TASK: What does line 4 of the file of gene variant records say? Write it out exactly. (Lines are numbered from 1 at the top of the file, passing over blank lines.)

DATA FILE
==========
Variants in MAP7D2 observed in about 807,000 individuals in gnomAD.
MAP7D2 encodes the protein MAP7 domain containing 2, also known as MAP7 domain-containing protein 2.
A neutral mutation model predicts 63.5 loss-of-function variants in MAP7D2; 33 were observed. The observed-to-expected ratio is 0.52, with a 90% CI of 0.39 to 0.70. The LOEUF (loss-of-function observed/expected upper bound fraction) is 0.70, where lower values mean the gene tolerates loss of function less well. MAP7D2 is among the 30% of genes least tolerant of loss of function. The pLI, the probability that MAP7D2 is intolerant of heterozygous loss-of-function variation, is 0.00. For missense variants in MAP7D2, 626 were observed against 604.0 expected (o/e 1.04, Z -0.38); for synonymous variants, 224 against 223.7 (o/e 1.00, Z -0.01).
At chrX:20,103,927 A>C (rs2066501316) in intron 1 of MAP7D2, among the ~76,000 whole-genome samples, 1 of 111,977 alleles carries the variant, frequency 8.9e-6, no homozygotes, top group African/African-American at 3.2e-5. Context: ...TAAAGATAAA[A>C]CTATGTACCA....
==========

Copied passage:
At chrX:20,103,927 A>C (rs2066501316) in intron 1 of MAP7D2, among the ~76,000 whole-genome samples, 1 of 111,977 alleles carries the variant, frequency 8.9e-6, no homozygotes, top group African/African-American at 3.2e-5. Context: ...TAAAGATAAA[A>C]CTATGTACCA....